The Berlin Wall had a 29-year history when it finally fell in November 1989 to scenes of unprecedented jubilation in the then divided city.
Now, close on 19 years later, it seems not all Berliners are happy about the wall being confined to the dustbin of history.
Every ninth Berliner would prefer the barrier which used to divide and encircle the city was still in place, a survey carried out on behalf of Berlin’s Free University showed.
Oskar Niedermayer, 56, a political scientist at the university, said that of the 2,000 citizens in Berlin and the surrounding state of Brandenburg who participated in the survey this spring, 11 percent in West Berlin and 12 percent in East Berlin considered it would be better if the wall were still in place.
While the outcome might be surprising, Niedermayer said it was hardly a sensation. Only in East Berlin is there a significant change of attitude to be perceived, with 12 percent of those asked wishing the wall were still there, against 7 percent in a 2004 poll.
Nationwide, such sentiment was even more strongly expressed four years ago when surveys by two of Germany’s leading research institutes showed 19 percent to 21 percent in favor of the Wall.
While fewer people today dispute the causes of German unification, some “Wessis,” as West Germans are sometimes called, and “Ossies” (East Germans) still harbor prejudices against people living in the other half of the country, though apparently much less so than in the 1990s.
Then, it was not uncommon for people in the east to feel the former German Democratic Republic had been conquered “colonial style” by West Germany after the communist collapse in 1989 to 1990.
Nowadays, only in fringe areas of Brandenburg are such sentiments occasionally expressed among small minorities, the survey showed. In the west, on the other hand, a cliche often heard is that people in eastern Germany indulge in too much “self-pity.”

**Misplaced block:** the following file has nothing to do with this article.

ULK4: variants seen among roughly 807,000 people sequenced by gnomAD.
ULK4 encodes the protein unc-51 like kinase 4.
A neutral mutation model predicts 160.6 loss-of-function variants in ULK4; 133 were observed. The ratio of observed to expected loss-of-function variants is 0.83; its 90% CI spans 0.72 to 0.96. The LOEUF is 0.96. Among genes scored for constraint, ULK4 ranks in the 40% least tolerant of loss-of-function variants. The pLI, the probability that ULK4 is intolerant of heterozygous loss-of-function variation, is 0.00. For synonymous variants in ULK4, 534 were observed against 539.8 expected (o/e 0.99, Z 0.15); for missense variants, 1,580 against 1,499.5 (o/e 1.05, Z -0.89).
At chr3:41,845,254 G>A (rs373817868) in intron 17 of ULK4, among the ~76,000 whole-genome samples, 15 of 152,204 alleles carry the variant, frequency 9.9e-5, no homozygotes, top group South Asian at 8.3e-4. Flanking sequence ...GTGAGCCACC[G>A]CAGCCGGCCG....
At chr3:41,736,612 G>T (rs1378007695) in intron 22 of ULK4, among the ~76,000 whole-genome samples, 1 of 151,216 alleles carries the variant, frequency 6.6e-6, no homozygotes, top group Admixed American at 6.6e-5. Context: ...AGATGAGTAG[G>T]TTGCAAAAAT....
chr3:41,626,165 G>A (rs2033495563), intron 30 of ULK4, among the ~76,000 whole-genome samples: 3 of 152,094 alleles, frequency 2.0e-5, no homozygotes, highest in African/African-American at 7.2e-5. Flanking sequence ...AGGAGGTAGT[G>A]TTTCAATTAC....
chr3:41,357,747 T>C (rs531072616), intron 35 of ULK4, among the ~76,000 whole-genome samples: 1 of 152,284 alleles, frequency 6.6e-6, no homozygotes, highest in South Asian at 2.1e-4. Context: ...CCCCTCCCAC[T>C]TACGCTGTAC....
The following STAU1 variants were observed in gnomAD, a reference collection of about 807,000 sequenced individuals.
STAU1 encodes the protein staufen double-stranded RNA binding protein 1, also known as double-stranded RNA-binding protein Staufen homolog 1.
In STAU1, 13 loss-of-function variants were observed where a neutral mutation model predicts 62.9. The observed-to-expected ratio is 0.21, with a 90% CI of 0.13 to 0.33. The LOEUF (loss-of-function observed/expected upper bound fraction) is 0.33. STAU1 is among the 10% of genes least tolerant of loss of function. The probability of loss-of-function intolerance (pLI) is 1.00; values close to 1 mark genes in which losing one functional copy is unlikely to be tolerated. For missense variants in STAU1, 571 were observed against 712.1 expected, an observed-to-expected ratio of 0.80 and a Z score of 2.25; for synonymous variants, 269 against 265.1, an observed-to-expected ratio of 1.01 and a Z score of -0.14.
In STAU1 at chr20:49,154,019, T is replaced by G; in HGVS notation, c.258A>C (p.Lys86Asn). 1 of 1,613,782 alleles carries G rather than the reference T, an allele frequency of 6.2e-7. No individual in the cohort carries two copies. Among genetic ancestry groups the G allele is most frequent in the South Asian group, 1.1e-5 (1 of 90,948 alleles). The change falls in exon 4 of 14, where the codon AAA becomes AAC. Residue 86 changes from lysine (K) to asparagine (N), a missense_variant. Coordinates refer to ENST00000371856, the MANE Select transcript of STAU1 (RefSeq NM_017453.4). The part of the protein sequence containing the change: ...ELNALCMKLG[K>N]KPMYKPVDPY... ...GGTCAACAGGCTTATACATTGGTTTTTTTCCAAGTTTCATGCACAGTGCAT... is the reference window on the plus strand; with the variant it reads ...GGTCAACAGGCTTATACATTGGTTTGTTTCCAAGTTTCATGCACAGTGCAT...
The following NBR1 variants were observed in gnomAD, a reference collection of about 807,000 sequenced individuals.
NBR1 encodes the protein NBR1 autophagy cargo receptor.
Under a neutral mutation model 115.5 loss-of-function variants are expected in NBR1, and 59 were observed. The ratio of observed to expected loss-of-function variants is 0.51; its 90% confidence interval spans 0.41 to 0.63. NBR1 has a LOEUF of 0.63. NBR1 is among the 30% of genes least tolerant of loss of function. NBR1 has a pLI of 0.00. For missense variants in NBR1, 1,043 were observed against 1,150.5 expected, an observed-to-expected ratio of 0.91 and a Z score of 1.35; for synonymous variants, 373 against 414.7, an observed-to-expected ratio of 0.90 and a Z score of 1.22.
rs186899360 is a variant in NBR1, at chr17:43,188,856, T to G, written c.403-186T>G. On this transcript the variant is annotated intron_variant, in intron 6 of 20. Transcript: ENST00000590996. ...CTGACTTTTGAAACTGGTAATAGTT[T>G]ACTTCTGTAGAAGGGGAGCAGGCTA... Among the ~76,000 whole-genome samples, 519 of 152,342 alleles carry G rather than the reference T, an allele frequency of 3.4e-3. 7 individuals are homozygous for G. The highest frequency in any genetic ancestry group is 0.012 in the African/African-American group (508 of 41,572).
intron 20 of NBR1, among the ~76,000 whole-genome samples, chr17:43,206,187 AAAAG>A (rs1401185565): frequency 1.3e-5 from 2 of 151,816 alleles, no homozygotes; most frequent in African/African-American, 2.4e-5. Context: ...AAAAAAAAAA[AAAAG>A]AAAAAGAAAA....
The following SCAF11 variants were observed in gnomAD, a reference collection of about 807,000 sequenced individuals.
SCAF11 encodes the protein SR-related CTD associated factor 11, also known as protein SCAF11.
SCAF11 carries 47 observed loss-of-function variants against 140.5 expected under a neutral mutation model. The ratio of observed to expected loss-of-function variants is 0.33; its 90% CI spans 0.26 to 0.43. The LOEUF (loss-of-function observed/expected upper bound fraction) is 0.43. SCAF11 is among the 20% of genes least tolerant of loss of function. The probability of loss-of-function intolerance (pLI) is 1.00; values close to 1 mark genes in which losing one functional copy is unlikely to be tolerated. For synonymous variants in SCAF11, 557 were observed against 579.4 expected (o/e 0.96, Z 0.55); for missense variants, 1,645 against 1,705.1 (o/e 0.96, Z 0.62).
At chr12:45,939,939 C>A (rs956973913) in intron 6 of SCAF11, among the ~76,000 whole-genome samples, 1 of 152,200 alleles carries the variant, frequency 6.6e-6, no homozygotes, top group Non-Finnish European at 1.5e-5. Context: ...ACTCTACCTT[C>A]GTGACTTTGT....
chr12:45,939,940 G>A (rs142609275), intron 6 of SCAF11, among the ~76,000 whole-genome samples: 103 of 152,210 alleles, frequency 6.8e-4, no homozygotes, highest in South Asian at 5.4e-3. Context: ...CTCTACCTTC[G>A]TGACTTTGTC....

The survey, conducted for the university by the Forsa Institute, also pointed to citizens who were fully integrated into the socialist system and who were born in East Germany before 1973 as being among those most likely to want the wall back.
For years after the demise of the Berlin Wall there was discussion in the east and west of Germany about the so-called “winners and losers” of reunification.
In outlying areas of Brandenburg some 19 percent of people surveyed felt they were reunification losers, while 37 percent considered things would be better if the Berlin Wall and the former 1,120km inner-German border, once separating East from West Germany, had remained.
Only 3 percent of people in these parts regarded themselves as reunification “winners.”
The dismantling of the Berlin Wall first began on the historic night of Nov. 9, 1989 — to allow the ebullient masses to pass through to the west. But it was not until later in 1990 that the task of tearing down the barrier began in earnest.
Army units set about demolishing 300 watchtowers, thousands of lamp posts and more than 80km of metal fencing from around the city barrier. Later a private company called Ava was called in to remove 160,000 tonnes of still remaining concrete from around Berlin alone.
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